Keyframes save a day

When draw­ing many frames, you do need at least ten frames per sec­ond to gen­er­ate a clean and smooth mo­tion. How­ever, draw­ing every frame soon be­comes te­dious. Keyframes help to al­le­vi­ate the work­load when an­i­mat­ing with com­put­ers, as we learned in the an­i­ma­tion Roundup from issue LXF225.

Keyframes are the po­si­tions that are most ob­vi­ous to your an­i­ma­tion. For ex­am­ple, when you turn a head from one side to another, the keyframes will be the start po­si­tion, one po­si­tion in the mid­dle and one at the end. The num­ber of keyframes will de­pend on your bal­ance be­tween how much work you want to do and how much con­trol you want over your char­ac­ter. Fewer keyframes can re­sult in ei­ther jerky or a less-re­al­is­tic mo­tion. Going back to the head-turn, if you make only three keyframes then you may end up with the head turn­ing with­out any ini­tial nod or fi­nal dou­ble stop.

You may be won­der­ing why this is im­por­tant. It’s be­cause any move­ment we make is ini­ti­ated by prepa­ra­tion. So, be­fore you turn your head, you’ll nod or go the other way a tiny bit.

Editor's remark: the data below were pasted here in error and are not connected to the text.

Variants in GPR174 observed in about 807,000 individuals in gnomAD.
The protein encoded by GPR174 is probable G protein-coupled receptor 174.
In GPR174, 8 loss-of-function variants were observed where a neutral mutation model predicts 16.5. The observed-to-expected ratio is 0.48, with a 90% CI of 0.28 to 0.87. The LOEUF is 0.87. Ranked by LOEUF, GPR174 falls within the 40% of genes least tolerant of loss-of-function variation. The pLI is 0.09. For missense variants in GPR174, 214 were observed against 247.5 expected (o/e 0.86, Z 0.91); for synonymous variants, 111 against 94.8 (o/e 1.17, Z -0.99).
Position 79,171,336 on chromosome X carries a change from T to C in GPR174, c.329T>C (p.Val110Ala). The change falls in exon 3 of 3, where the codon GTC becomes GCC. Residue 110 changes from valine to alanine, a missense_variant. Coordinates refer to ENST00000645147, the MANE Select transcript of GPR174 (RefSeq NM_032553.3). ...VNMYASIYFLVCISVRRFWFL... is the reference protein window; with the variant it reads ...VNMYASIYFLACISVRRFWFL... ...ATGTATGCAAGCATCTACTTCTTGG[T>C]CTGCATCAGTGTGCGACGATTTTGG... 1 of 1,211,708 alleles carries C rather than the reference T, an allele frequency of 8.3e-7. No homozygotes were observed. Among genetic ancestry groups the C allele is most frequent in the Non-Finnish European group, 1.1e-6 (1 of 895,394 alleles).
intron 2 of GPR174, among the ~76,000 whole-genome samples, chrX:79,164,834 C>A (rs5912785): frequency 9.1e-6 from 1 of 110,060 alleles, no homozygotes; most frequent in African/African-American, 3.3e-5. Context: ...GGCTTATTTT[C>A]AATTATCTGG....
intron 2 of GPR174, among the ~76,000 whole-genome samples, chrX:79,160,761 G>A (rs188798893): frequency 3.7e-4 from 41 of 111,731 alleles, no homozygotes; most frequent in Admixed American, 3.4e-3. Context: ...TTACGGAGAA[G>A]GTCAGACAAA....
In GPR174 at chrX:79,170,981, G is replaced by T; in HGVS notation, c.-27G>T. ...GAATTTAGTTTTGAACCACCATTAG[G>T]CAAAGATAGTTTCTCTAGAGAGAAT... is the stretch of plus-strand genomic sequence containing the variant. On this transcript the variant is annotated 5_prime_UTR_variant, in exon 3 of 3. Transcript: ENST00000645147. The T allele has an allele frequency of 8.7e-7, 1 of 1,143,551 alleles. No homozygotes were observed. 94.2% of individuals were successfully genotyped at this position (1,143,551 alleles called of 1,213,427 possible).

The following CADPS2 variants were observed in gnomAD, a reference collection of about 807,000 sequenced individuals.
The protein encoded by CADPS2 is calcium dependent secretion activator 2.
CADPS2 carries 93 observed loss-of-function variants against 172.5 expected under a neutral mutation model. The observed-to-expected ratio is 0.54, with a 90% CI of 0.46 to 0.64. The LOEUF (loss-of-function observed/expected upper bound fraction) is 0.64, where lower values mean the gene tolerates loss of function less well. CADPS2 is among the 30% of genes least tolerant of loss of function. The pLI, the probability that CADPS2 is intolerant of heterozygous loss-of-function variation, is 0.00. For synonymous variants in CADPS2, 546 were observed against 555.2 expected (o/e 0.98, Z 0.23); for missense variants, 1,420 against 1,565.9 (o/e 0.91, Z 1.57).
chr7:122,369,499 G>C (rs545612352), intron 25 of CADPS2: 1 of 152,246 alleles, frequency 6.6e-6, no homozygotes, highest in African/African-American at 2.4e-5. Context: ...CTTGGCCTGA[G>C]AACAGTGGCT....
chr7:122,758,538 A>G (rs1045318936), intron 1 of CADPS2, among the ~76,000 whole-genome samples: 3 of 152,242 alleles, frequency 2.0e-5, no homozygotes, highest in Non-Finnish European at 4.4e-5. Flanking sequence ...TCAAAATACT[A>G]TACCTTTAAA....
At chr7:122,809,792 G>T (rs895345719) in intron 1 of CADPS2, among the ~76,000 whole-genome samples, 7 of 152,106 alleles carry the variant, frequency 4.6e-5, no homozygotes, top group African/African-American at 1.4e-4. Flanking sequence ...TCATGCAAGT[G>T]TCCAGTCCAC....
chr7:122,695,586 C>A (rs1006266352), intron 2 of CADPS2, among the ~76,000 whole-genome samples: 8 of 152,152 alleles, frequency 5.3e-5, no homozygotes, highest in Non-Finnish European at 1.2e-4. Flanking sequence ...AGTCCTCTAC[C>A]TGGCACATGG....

Film your­self or some­one you know, prefer­ably in slow mo­tion, and you’ll see this phe­nom­e­non in ac­tion. This is called an­tic­i­pa­tion and is es­sen­tial to make move­ments look re­al­is­tic, and also to de­velop the story.

One ex­am­ple could be to have your char­ac­ter look out of the frame to lead the story on to the next scene. Another way to show this is to make a stick fig­ure walk. To make it look re­ally ac­tive the char­ac­ter needs to start from a stand­ing still po­si­tion, and as the fig­ure starts walk­ing there’s an ini­tial small bend of the knees. This causes the head to dip slightly. This dip is also use­ful to show off dur­ing walk­ing, and when run­ning it cre­ates an even more life-like ef­fect.

Stick to walk­ing

For a stick fig­ure to walk you should start by fig­ur­ing out the walk cy­cle. When you walk, you bend the foot, knee and hip to dif­fer­ent de­grees. This seems ob­vi­ous but the de­tails are quite sub­tle and there­fore tricky to get right. The best way to han­dle this is to study video of some­one walk­ing. You can even stand up [what?!–Ed] your­self to see what it looks like.

In Syn­fig you need to cre­ate all your el­e­ments. Then give each one a ro­tat­ing point and in the case of the legs, group ev­ery­thing with the thigh on top. When the thigh ro­tates it takes the rest of the group with it, mak­ing the whole leg move. Copy the leg and make it ro­tate op­po­site of the other leg by shift­ing the keyframes over by half the step length.